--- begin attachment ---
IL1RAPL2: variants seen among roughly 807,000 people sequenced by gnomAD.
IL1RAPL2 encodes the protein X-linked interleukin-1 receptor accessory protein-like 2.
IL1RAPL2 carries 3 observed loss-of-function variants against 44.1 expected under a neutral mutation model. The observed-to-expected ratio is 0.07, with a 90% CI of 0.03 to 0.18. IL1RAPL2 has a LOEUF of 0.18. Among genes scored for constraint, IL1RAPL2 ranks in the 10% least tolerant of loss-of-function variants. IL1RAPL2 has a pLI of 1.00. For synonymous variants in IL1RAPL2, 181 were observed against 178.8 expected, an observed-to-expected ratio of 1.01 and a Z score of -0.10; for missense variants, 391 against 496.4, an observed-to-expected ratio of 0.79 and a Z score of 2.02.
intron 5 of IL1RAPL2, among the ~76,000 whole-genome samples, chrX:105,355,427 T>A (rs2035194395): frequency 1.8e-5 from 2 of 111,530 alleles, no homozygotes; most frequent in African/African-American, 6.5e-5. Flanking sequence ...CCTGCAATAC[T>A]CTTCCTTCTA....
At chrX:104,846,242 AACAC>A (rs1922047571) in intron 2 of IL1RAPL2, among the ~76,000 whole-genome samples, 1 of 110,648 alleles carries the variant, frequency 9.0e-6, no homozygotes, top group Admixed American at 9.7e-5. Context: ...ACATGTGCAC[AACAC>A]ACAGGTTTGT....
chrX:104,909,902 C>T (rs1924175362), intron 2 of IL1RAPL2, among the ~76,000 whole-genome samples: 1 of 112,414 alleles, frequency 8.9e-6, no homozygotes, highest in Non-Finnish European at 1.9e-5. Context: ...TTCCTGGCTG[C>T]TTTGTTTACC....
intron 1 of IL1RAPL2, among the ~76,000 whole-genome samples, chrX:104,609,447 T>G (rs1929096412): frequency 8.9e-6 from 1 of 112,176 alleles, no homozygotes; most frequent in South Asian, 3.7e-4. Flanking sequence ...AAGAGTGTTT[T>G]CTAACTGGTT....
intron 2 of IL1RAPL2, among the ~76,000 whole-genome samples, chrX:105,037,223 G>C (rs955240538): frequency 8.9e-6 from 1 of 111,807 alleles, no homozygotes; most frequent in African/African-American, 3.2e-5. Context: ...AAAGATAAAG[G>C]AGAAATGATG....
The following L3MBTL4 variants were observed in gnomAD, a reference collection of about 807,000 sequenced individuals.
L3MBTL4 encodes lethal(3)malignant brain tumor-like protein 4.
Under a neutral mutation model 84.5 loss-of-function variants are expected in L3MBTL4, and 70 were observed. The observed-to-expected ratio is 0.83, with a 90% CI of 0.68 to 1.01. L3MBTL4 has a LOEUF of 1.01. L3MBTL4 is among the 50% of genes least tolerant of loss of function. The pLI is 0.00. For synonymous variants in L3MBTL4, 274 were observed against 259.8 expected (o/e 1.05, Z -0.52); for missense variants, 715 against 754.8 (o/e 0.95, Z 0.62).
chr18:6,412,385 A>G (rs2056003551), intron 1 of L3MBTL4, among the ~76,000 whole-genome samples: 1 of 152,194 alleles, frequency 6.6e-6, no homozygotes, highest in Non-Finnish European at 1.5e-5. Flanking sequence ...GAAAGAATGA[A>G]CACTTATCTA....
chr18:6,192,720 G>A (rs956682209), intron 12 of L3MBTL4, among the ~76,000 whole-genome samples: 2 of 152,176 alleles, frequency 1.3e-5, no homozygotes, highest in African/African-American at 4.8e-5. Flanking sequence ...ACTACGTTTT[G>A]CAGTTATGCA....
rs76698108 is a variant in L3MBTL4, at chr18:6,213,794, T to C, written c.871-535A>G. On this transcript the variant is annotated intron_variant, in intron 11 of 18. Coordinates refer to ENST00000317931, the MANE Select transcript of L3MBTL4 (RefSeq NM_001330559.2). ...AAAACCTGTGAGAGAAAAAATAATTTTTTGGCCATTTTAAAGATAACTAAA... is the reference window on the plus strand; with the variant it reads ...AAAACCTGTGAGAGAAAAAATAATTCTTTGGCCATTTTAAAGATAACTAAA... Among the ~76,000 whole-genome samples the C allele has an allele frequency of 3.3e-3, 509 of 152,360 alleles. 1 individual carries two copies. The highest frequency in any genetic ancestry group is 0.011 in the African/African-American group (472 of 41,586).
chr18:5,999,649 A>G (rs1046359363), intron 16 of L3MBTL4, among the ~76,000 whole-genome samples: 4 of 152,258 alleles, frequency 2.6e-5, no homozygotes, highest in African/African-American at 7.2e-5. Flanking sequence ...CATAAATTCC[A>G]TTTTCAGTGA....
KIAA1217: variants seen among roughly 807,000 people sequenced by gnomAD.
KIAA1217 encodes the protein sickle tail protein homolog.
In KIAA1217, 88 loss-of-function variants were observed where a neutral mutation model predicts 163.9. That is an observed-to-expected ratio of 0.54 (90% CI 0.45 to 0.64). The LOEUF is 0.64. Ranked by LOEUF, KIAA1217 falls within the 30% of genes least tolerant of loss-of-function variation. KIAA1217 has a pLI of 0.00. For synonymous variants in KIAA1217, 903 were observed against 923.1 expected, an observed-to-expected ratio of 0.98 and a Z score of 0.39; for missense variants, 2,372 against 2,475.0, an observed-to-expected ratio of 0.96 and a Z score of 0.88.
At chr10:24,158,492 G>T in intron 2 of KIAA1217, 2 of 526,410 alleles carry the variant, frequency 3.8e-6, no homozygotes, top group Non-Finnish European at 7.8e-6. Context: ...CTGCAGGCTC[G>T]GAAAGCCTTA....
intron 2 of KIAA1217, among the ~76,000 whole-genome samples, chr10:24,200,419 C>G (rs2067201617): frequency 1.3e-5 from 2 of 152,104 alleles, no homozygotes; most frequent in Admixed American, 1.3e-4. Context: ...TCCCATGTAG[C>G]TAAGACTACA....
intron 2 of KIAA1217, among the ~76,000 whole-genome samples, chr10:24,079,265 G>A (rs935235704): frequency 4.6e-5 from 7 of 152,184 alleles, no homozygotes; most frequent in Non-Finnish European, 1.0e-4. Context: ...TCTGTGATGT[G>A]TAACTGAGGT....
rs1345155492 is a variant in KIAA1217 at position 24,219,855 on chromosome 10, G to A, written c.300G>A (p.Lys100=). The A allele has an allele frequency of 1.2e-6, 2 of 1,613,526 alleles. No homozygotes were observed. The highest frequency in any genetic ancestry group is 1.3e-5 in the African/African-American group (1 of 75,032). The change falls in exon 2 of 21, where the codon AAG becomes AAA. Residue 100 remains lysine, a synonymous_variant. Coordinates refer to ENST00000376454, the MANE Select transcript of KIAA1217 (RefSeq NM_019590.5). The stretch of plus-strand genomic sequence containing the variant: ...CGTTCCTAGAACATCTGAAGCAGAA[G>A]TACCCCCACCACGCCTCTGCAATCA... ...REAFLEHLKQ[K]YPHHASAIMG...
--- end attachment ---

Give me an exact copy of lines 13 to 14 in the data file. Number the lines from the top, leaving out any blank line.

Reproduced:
chr18:6,192,720 G>A (rs956682209), intron 12 of L3MBTL4, among the ~76,000 whole-genome samples: 2 of 152,176 alleles, frequency 1.3e-5, no homozygotes, highest in African/African-American at 4.8e-5. Flanking sequence ...ACTACGTTTT[G>A]CAGTTATGCA....
rs76698108 is a variant in L3MBTL4, at chr18:6,213,794, T to C, written c.871-535A>G. On this transcript the variant is annotated intron_variant, in intron 11 of 18. Coordinates refer to ENST00000317931, the MANE Select transcript of L3MBTL4 (RefSeq NM_001330559.2). ...AAAACCTGTGAGAGAAAAAATAATTTTTTGGCCATTTTAAAGATAACTAAA... is the reference window on the plus strand; with the variant it reads ...AAAACCTGTGAGAGAAAAAATAATTCTTTGGCCATTTTAAAGATAACTAAA... Among the ~76,000 whole-genome samples the C allele has an allele frequency of 3.3e-3, 509 of 152,360 alleles. 1 individual carries two copies. The highest frequency in any genetic ancestry group is 0.011 in the African/African-American group (472 of 41,586).